What to do in September


Hives one and two

Today I checked the hives. It has been about three weeks since the last field day and the goldenrod flow is in full swing. The two hives shown above are what I will call hive #1 and hive #2, the first being the horizontal hive and the second being the vertical hive. Hive #1 literally looked the same as it did three weeks ago. No growth, no capped honey, only small amounts of wet nectar. Some brood, both capped and open, but not a lot, and only covering around six or seven medium frames in a deep box, which they have not extended at all. I saw the queen, as I have each time I have inspected that hive. That hive as it is cannot survive the winter. It has no stores. It would make no difference to feed it sugar water because the forage is abundant right now and it is not taking advantage of it, so therefore it must not be able to. Hive #2 is in better shape. It has many more bees and has stored some honey. On our next field day I will combine these two hives in the vertical boxes. Our field day is September 9, 2017 at 1:00 pm. I am still considering the best way to do it, so come to the field day to see what I decided.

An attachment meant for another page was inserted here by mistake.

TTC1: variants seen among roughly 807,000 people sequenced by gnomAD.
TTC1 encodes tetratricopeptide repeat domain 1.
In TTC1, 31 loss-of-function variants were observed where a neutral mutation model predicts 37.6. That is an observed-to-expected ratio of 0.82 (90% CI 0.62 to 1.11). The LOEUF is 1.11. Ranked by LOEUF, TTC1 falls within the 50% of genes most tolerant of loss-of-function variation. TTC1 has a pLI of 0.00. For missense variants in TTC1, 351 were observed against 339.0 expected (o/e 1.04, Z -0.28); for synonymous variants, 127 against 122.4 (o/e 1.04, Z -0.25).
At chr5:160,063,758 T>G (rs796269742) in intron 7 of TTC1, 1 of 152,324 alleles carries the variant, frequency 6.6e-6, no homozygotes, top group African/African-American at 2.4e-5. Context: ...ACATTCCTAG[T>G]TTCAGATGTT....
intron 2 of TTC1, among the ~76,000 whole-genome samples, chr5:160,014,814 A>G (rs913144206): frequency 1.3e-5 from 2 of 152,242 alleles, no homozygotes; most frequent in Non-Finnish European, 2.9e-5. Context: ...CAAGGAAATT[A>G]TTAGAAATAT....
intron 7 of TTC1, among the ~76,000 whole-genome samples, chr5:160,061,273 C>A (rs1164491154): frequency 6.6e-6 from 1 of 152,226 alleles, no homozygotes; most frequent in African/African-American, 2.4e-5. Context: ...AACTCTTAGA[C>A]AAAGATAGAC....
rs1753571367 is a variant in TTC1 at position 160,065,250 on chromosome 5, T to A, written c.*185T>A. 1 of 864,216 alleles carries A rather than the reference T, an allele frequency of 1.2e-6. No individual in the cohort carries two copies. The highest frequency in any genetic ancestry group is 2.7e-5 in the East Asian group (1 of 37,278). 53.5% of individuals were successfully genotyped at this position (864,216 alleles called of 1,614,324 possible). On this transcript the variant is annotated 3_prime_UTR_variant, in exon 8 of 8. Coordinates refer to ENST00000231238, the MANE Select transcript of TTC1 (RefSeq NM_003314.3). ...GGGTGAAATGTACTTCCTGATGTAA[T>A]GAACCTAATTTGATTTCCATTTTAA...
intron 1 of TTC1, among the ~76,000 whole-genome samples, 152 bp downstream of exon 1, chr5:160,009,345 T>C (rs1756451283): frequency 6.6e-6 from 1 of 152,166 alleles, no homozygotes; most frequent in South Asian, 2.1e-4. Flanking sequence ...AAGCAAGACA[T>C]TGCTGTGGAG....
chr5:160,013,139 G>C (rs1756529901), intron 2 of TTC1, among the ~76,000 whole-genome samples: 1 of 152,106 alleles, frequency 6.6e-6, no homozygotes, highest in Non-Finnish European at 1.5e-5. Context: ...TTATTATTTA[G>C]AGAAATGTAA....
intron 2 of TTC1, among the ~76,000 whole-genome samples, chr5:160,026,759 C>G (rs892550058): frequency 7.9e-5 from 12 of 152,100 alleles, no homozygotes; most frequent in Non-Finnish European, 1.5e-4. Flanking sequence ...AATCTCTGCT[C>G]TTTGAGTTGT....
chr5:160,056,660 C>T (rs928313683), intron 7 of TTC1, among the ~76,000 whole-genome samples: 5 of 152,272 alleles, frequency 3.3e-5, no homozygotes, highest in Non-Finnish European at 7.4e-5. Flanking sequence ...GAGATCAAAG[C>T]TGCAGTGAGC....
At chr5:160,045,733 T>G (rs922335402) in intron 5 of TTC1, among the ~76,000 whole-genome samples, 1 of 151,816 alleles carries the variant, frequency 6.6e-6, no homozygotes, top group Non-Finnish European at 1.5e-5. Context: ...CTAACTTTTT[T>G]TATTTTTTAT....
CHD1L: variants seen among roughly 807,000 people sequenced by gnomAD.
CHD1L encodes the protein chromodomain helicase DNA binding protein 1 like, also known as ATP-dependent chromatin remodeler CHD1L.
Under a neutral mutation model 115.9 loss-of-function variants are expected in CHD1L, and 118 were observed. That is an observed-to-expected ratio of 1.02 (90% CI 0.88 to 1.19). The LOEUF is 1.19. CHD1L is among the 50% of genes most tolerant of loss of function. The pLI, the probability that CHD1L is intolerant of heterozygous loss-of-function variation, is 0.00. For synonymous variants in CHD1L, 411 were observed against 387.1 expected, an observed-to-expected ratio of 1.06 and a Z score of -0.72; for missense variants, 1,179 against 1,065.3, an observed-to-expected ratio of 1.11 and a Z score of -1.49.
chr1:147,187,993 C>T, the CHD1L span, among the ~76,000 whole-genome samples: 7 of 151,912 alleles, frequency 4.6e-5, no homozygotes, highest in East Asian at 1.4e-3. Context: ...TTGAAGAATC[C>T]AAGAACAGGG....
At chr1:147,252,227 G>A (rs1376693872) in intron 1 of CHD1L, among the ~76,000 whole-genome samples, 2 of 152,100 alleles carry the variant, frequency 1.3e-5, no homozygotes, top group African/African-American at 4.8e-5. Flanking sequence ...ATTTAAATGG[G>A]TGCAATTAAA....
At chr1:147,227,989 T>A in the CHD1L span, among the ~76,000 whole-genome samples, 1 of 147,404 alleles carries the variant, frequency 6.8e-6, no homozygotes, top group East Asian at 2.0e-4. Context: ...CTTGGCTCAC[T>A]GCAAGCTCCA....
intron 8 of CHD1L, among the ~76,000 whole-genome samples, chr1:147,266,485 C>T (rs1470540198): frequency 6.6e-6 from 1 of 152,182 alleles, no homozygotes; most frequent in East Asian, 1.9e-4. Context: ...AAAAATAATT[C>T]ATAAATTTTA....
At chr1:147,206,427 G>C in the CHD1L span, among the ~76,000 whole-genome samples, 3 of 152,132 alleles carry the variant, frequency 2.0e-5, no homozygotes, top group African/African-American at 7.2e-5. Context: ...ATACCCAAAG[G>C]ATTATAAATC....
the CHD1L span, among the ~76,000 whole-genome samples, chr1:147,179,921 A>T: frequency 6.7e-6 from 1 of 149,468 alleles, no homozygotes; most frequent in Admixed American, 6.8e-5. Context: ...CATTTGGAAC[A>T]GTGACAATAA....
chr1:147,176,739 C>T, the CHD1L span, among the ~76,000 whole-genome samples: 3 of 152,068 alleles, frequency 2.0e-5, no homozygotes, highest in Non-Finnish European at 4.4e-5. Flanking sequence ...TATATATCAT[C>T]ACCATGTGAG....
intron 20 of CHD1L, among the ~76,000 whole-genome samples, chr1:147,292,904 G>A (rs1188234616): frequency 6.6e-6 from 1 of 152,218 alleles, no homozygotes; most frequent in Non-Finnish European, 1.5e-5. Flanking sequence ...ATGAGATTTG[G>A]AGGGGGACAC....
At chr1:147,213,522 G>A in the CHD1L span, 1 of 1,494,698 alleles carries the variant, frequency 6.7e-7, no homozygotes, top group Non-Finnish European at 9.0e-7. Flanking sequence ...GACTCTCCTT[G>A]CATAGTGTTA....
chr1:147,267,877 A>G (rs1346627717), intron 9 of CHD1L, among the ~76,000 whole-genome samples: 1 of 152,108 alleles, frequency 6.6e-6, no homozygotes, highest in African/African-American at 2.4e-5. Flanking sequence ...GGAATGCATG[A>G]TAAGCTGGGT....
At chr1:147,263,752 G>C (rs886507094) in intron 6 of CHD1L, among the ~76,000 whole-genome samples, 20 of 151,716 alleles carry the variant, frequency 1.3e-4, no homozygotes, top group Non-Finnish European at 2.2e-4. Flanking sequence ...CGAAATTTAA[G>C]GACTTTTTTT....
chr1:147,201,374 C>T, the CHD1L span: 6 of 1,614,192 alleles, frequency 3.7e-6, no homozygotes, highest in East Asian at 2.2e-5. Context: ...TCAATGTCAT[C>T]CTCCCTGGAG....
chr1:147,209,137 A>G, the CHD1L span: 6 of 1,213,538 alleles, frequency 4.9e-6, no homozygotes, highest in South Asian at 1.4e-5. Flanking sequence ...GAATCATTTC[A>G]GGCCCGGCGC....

Hive #3 is my best hive. At the last field day I said it looked like a real beehive, and I mean it. It has a full super of honey on the third box up. It was so heavy I could barely move it. That hive is in terrific shape and will certainly have all it needs to survive the winter. That is why I know for sure there is plenty of forage, that hive obviously is filling up, so it is there for the taking.

So, I guess these three hives display the law of thirds that seems to persistently exist in beekeeping, though I wish it didn't. One third will thrive, one will do so-so, and one will fail. I am hoping we can turn that around to be a bit better, but for now it is what it is.

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